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Portland, ME pre-marathon dinner: pasta, please!

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Any advice for a pre-race dinner in Portland? My husband will want plainish-pasta, but the kids and I would want something more. Ok, the kids might not, but I do. Kids are 10 and 8 and are decent eaters. We are open to anything that might be able to accommodate the pasta preference.

Thanks!

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  1. Paciarino on Fore Street. Fresh pasta made daily by a couple from Milan. A great traditional lasagna (traditional if you're in Italy - made with a bechamel sauce - no ricotta). Several types of ravioli and different sauces to chose from. Went a few weeks ago after a long absence and it was great. Also family friendly so the kids should be fine as well.

    1 Reply
    1. re: bobbert

      Definitely, if you're looking for pasta. Wonderful food, friendly relaxed atmosphere, and just down the street from Gorgeous Gelato :-)

    2. I second Paciarino! It's so good! And definitely treat yourself to a gelato at Gorgeous Gelato after!

      1. Asians do some seriously good pasta too. I vote for Thanh Thanh 2 on Forest Ave or Boda on Congress Street or their sister restaurant, a vegan spot, called Green Elephant.

        7 Replies
        1. re: Noreaster

          Both my wife and I are running this year, and Pho or Udon noodle soup are our favorite pre-marathon meals! Lots of carbs and soothing to both the soul and belly without leaving you feeling overstuffed. Thanh Thanh 2 - how's their pho? Any Japanese recs for udon or sushi? Would we need reservations at these places for the Saturday night before the marathon (omg- only two weeks away)?

          1. re: honestcuisine

            I prefer the pho at Saigon to tanh tanh 2--(saigon is, strangely, across the street from tanh tanh 2), but I'd call both places' pho average--nothing standout. I so wish we had a really great pho place in Portland--I've been making it at home.

            Pai Men Miyake has really good ramen, udon, and sushi, tho! I don't believe any of these places take reservations--

            1. re: sultanaboudreau

              I'm curious...what makes a pho standout? I'm not trying to be a smartass but I never had pho until I moved to portland 12 years ago. I find the broth a Thanh Thanh 2 rich, not over seasoned and, by Friday, you can tell that pot has been simmering all week and is delicious...Good fresh garnishes, like rau ram, bean sprout, lime, jalapeno and thai basil and decent raw steak, brisket and meatball. If you want strange and seemingly authentic, on the weekends they have a version with blood cake, house made sausage and tendon...

              1. re: Noreaster

                Hi smartass : ) I said the phos at Saigon and Thanh Tanh 2 were perfectly average, not crappy. Crappy pho is the watery situation a place like Top Thai on Congress has on their menu. The fresh garnishes and meat preps are all what's expected for pho. And the tendon and blood cake are tasty--I'm glad to hear that Tanh Tanh has them on the weekends! And I particularly like that Saigon serves sawtooth herb with theirs. Mostly, I wasn't getting the depth of flavor in the broth, in either beef or chicken pho, that I was used to. They're tasty--just not what I was accustomed to. And my experience is also somewhat limited, too--I spent 10 years or so eating pho a couple times a week in Boston and the Boston area before I moved back home to Maine. But the ingredients are cheap so I've just been making Pho stocks at home.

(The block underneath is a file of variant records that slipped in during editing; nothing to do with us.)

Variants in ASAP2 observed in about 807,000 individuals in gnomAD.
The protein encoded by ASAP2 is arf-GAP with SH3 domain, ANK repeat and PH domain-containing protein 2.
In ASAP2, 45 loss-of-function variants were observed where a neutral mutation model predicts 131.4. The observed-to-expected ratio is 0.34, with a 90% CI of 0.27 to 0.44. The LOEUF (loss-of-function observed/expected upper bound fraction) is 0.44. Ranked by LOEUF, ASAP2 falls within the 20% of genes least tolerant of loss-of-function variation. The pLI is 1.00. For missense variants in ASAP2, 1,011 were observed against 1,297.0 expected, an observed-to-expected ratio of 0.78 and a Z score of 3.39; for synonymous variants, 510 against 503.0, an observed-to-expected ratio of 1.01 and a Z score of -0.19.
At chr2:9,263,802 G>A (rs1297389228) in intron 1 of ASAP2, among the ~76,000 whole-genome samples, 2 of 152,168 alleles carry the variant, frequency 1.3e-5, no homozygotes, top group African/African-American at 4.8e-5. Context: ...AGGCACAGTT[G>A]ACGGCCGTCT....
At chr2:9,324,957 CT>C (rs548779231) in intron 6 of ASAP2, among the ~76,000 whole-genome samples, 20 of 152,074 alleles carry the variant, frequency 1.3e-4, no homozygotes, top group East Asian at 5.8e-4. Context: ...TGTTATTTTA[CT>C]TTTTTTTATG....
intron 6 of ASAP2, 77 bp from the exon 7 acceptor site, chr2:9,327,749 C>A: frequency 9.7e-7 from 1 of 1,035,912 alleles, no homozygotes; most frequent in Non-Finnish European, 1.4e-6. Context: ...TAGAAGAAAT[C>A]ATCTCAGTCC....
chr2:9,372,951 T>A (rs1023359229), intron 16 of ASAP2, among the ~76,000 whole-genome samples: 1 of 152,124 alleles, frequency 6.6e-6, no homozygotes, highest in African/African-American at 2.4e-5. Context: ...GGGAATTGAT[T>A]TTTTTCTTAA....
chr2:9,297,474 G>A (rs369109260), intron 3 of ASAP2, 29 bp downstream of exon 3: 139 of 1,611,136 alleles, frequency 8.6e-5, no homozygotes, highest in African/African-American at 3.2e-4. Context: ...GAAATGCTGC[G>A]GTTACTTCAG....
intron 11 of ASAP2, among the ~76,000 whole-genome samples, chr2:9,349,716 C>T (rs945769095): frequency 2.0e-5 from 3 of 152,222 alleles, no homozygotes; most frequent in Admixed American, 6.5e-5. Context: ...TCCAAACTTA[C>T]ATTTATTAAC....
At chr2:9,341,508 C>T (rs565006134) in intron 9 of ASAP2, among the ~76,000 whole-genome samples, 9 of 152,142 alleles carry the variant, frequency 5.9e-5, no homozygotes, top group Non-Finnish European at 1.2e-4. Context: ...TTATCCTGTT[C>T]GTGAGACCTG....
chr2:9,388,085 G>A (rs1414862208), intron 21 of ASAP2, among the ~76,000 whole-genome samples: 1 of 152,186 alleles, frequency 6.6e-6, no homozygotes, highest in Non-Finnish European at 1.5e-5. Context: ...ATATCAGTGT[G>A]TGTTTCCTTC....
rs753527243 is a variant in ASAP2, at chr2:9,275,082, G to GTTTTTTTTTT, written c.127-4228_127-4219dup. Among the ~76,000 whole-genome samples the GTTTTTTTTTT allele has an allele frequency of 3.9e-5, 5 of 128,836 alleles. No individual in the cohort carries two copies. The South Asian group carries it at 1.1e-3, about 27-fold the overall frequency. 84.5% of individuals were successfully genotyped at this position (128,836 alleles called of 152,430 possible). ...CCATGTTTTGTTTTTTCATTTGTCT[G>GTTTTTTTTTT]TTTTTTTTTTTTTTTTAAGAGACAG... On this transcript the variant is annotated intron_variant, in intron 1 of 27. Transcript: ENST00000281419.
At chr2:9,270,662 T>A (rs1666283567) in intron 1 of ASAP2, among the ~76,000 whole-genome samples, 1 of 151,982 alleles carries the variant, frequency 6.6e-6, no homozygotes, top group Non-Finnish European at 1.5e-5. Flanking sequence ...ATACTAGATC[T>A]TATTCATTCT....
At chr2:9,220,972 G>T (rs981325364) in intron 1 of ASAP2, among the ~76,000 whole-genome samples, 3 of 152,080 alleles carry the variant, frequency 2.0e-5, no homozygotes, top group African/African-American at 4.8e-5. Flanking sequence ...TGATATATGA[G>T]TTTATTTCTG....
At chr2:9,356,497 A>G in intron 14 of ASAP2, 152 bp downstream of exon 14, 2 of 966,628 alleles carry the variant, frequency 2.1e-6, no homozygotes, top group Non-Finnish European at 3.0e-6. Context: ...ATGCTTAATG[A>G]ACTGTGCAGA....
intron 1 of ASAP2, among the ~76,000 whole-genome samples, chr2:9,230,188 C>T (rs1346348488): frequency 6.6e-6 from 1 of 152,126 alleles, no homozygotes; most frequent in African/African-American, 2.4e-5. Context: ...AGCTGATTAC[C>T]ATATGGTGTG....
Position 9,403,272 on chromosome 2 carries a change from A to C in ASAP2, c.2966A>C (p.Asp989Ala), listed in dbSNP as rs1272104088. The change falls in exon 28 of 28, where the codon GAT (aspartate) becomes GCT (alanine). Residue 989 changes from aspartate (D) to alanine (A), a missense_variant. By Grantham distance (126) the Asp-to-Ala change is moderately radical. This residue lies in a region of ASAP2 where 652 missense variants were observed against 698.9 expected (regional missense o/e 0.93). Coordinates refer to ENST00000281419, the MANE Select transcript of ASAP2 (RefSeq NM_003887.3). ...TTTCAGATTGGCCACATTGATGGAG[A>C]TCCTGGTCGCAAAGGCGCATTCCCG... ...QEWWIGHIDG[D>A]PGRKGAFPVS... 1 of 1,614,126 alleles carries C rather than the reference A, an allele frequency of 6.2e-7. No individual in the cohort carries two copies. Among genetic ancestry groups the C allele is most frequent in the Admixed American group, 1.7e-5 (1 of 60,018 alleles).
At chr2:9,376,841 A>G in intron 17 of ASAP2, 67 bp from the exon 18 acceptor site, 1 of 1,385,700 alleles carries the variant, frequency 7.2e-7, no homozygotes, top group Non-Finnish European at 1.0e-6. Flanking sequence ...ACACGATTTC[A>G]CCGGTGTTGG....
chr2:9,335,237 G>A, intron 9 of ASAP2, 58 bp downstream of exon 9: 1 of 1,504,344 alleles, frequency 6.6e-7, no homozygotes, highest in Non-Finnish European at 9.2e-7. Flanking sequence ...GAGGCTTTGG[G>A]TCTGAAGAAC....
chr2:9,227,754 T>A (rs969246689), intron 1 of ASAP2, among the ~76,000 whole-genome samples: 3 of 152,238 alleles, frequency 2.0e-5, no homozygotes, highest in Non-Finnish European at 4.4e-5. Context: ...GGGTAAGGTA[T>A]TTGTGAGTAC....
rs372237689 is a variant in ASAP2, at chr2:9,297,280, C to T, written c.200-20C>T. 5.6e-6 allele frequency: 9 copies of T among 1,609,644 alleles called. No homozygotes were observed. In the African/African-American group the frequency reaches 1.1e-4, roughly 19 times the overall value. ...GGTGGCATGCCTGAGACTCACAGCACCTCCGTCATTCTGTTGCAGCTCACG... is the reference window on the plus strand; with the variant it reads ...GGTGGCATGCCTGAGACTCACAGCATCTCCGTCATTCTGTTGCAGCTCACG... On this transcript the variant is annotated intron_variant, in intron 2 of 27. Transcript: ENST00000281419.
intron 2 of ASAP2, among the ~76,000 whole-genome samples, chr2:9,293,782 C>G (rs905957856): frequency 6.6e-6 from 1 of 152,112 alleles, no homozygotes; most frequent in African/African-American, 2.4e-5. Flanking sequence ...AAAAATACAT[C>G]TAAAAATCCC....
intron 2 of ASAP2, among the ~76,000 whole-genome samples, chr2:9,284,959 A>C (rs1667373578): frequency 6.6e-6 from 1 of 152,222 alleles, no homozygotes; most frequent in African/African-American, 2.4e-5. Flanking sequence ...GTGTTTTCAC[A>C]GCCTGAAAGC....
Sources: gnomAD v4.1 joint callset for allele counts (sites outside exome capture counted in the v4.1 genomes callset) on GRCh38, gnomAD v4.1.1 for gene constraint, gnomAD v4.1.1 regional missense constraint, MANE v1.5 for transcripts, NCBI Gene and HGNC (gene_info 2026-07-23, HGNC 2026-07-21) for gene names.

2. re: sultanaboudreau

                We decided on Pai Men Miyake, and it was exactly what we were looking for. I had the paitan and orders of short rib, tongue and chicken skin yakatori. All of it delicious. It seemed particularly perfect for what turned out to be a rainy weekend. In fact, we enjoyed the ramen so much the night before the marathon, that we stopped in after the marathon before heading home and got some for take out to share with the kids.

                FYI - They do take reservations for their tables, but we ended up sitting at the bar, because, well, there was room and ramen and yakatori are best enjoyed at the bar!

                1. re: honestcuisine

                  yay! I'm glad to hear it worked out (and that they take reservations now--)

                  1. re: honestcuisine

                    Good call on Pai Men Miyake.
                    I'm not a big reservation guy - rarely make them and regularly get shut out - which is why I really liked the no reservations policy though because Pai Men has such long hours I can usually find a seat.
                    A great thing about Pai Men is the ever changing menu. Sure, there are several items that are always there but with so many proteins being sourced from Miyake's own farm, you're going to find that things may vary greatly from one week to the next especially with the yakitori. I stop by often and rarely am I bored with the menu. Because of this, on your next visit to town, you don't have to pass up Pai Men because you've already been there - there will probably be many new items as well as your old favorites (like the pai tan – my favorite).